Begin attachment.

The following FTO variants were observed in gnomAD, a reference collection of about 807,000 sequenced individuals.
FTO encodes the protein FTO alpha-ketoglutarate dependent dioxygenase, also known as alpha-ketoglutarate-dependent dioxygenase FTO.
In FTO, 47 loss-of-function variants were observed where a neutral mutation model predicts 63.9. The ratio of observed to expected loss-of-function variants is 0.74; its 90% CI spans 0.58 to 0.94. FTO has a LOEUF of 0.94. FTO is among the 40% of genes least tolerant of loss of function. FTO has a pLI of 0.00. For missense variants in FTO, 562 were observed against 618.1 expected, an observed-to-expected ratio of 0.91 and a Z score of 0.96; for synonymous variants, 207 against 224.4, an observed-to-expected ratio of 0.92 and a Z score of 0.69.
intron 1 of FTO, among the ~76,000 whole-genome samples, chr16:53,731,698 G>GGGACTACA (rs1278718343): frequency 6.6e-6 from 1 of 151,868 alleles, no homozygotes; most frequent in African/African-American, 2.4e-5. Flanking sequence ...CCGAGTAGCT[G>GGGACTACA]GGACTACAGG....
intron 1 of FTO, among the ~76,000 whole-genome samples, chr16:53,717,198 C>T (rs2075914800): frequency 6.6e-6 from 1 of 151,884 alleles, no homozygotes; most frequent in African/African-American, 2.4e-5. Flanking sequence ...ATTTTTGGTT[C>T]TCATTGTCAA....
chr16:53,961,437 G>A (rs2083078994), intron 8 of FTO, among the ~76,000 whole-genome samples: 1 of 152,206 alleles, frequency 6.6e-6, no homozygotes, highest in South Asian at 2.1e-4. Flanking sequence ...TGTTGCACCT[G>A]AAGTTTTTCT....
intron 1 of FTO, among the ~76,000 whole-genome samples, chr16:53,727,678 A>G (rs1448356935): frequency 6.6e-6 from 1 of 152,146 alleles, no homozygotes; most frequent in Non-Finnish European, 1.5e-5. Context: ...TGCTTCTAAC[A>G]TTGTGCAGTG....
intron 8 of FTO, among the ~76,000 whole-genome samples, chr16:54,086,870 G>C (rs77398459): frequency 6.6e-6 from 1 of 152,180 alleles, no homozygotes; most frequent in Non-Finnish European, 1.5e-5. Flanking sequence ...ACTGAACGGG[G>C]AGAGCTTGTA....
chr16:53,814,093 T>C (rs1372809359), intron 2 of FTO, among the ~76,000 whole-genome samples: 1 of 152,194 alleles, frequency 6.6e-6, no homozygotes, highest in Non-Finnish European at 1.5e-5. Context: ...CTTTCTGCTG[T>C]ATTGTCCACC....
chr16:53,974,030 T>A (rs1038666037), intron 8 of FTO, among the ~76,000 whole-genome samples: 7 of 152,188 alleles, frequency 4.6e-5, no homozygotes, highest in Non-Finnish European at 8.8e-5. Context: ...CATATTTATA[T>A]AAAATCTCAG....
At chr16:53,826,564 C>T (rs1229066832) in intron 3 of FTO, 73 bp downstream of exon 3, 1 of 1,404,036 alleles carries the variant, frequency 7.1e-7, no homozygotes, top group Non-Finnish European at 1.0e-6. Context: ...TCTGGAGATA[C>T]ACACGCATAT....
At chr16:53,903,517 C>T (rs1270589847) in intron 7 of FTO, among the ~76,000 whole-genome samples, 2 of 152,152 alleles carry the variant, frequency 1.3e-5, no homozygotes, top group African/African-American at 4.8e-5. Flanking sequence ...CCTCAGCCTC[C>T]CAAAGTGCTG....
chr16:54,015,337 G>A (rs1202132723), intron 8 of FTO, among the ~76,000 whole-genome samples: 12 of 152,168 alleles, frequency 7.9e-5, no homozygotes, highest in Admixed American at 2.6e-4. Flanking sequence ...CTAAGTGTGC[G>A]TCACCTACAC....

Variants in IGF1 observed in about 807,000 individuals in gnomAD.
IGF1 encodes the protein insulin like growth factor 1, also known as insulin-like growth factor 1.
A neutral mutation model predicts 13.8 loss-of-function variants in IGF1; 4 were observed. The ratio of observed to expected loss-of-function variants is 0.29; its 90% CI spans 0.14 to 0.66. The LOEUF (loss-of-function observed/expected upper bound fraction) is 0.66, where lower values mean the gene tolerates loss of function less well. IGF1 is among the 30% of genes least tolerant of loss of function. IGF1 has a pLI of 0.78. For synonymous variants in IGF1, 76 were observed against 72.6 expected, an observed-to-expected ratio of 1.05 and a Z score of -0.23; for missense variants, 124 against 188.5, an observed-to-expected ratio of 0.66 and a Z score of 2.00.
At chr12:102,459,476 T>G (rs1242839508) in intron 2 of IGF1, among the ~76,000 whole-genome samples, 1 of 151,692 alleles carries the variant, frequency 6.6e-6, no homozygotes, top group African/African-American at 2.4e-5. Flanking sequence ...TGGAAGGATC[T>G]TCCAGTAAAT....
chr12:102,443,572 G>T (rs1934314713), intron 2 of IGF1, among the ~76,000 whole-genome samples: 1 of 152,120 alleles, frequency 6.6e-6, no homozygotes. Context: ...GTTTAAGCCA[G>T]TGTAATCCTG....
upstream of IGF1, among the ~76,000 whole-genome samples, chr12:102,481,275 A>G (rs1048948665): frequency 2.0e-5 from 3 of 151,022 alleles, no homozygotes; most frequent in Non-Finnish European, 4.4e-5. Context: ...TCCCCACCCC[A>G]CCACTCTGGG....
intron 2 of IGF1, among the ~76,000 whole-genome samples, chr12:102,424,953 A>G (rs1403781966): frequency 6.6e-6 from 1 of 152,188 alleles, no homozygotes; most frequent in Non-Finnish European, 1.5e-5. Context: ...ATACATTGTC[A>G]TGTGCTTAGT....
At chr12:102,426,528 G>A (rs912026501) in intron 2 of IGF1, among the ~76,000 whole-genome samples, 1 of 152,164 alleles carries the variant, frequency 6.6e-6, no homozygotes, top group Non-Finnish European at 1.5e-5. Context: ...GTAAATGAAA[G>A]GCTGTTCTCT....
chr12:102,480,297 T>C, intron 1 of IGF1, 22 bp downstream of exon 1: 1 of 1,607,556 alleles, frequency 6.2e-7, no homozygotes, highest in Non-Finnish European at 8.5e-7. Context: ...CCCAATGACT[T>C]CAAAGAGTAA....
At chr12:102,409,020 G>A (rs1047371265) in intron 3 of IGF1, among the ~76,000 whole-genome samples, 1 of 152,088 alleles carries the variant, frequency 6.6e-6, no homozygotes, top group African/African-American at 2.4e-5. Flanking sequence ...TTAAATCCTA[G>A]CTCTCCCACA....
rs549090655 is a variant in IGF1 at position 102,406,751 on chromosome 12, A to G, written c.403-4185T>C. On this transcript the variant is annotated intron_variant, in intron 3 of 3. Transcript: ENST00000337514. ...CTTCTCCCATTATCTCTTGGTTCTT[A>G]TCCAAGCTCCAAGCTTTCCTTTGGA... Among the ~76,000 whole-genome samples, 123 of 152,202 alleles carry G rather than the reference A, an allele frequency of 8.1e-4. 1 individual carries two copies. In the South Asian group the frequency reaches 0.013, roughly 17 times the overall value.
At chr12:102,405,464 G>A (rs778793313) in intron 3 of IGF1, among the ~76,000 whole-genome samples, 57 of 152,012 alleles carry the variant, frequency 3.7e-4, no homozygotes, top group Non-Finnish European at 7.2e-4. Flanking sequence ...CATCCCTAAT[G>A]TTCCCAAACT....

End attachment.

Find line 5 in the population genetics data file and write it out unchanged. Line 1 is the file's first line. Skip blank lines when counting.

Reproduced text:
intron 1 of FTO, among the ~76,000 whole-genome samples, chr16:53,717,198 C>T (rs2075914800): frequency 6.6e-6 from 1 of 151,884 alleles, no homozygotes; most frequent in African/African-American, 2.4e-5. Flanking sequence ...ATTTTTGGTT[C>T]TCATTGTCAA....